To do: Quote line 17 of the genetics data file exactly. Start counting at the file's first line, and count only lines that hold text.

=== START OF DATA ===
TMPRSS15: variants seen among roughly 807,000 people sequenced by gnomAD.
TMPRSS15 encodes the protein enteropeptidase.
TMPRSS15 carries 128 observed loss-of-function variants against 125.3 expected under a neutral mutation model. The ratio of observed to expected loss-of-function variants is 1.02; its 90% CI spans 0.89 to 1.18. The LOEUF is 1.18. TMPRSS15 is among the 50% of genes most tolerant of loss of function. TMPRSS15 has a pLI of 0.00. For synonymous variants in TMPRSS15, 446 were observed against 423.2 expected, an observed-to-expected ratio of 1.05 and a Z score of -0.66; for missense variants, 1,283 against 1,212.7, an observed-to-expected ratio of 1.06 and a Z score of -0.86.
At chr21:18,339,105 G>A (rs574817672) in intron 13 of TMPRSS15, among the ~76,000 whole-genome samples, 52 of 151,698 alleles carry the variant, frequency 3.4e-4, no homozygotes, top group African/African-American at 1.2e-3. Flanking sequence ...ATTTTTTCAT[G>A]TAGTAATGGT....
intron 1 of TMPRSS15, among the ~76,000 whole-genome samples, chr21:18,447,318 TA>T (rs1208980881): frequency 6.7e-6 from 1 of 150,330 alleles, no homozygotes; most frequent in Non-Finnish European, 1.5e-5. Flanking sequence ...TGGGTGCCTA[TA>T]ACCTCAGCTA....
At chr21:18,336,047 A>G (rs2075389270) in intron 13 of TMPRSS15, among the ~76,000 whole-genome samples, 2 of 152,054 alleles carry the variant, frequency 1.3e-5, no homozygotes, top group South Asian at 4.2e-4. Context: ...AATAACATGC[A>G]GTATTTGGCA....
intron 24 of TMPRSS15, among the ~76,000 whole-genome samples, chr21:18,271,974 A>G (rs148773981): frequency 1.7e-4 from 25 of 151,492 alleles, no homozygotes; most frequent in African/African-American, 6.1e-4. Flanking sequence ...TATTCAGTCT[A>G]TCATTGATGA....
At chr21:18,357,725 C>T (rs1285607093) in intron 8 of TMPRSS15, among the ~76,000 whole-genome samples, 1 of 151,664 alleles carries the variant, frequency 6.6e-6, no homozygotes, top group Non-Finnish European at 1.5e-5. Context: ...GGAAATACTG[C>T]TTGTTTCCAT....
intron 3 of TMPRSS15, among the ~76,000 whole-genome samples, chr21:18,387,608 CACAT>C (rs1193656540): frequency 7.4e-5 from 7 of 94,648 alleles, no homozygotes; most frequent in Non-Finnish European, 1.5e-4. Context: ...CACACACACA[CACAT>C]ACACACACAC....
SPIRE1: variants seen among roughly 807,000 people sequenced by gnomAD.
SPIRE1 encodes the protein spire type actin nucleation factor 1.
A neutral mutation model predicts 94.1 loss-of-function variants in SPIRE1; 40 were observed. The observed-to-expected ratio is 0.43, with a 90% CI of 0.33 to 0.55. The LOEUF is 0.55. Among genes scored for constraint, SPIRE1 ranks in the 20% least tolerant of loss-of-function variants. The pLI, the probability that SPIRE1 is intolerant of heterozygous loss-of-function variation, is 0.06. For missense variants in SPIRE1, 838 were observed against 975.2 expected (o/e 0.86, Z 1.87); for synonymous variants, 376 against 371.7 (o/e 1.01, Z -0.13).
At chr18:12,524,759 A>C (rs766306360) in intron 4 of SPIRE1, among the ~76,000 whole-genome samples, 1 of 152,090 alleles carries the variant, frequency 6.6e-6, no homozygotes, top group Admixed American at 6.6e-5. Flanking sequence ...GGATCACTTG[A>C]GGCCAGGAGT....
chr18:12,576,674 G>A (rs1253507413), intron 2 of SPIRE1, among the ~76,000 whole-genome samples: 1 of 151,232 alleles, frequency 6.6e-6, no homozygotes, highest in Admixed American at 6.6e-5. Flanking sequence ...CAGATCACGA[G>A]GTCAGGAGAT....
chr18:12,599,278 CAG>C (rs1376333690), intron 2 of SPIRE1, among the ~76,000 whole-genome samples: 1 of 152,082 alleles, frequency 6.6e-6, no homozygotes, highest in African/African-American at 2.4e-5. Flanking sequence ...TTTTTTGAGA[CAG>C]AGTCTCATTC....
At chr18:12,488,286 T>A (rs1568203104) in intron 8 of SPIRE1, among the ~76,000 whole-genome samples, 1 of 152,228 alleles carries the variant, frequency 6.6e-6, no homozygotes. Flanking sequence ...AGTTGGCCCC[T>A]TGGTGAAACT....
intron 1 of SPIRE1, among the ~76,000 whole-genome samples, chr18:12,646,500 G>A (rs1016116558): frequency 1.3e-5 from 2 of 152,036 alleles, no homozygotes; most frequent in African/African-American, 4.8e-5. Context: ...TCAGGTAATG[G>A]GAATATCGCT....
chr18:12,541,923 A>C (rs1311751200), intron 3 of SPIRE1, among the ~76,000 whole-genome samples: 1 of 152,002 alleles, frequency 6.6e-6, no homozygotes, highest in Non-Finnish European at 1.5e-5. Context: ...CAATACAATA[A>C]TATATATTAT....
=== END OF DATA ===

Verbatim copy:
intron 1 of SPIRE1, among the ~76,000 whole-genome samples, chr18:12,646,500 G>A (rs1016116558): frequency 1.3e-5 from 2 of 152,036 alleles, no homozygotes; most frequent in African/African-American, 4.8e-5. Context: ...TCAGGTAATG[G>A]GAATATCGCT....